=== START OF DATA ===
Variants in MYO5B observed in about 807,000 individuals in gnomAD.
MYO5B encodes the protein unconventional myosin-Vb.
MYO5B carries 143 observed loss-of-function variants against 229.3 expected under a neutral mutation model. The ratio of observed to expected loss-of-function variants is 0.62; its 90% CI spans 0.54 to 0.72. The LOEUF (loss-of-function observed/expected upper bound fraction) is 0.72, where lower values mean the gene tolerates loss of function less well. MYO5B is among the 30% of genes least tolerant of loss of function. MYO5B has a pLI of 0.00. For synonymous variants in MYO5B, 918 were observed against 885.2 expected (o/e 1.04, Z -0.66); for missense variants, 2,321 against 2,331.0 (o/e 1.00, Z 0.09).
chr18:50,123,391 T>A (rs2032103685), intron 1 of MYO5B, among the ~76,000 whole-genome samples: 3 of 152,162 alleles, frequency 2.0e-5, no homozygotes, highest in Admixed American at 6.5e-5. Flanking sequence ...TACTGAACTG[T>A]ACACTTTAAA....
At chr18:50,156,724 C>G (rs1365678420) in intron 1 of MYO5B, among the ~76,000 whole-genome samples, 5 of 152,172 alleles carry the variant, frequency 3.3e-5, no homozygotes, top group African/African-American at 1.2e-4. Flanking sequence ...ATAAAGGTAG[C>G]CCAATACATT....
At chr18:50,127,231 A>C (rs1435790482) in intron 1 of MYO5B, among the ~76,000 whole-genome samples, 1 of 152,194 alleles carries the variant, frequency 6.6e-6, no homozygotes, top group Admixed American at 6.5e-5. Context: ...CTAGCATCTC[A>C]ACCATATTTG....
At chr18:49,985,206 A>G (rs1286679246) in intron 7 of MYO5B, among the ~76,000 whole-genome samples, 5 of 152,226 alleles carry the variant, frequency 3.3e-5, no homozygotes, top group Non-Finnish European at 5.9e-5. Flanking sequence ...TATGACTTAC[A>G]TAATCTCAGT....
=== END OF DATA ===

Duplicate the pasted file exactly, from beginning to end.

Variants in MYO5B observed in about 807,000 individuals in gnomAD.
MYO5B encodes the protein unconventional myosin-Vb.
MYO5B carries 143 observed loss-of-function variants against 229.3 expected under a neutral mutation model. The ratio of observed to expected loss-of-function variants is 0.62; its 90% CI spans 0.54 to 0.72. The LOEUF (loss-of-function observed/expected upper bound fraction) is 0.72, where lower values mean the gene tolerates loss of function less well. MYO5B is among the 30% of genes least tolerant of loss of function. MYO5B has a pLI of 0.00. For synonymous variants in MYO5B, 918 were observed against 885.2 expected (o/e 1.04, Z -0.66); for missense variants, 2,321 against 2,331.0 (o/e 1.00, Z 0.09).
chr18:50,123,391 T>A (rs2032103685), intron 1 of MYO5B, among the ~76,000 whole-genome samples: 3 of 152,162 alleles, frequency 2.0e-5, no homozygotes, highest in Admixed American at 6.5e-5. Flanking sequence ...TACTGAACTG[T>A]ACACTTTAAA....
At chr18:50,156,724 C>G (rs1365678420) in intron 1 of MYO5B, among the ~76,000 whole-genome samples, 5 of 152,172 alleles carry the variant, frequency 3.3e-5, no homozygotes, top group African/African-American at 1.2e-4. Flanking sequence ...ATAAAGGTAG[C>G]CCAATACATT....
At chr18:50,127,231 A>C (rs1435790482) in intron 1 of MYO5B, among the ~76,000 whole-genome samples, 1 of 152,194 alleles carries the variant, frequency 6.6e-6, no homozygotes, top group Admixed American at 6.5e-5. Context: ...CTAGCATCTC[A>C]ACCATATTTG....
At chr18:49,985,206 A>G (rs1286679246) in intron 7 of MYO5B, among the ~76,000 whole-genome samples, 5 of 152,226 alleles carry the variant, frequency 3.3e-5, no homozygotes, top group Non-Finnish European at 5.9e-5. Flanking sequence ...TATGACTTAC[A>G]TAATCTCAGT....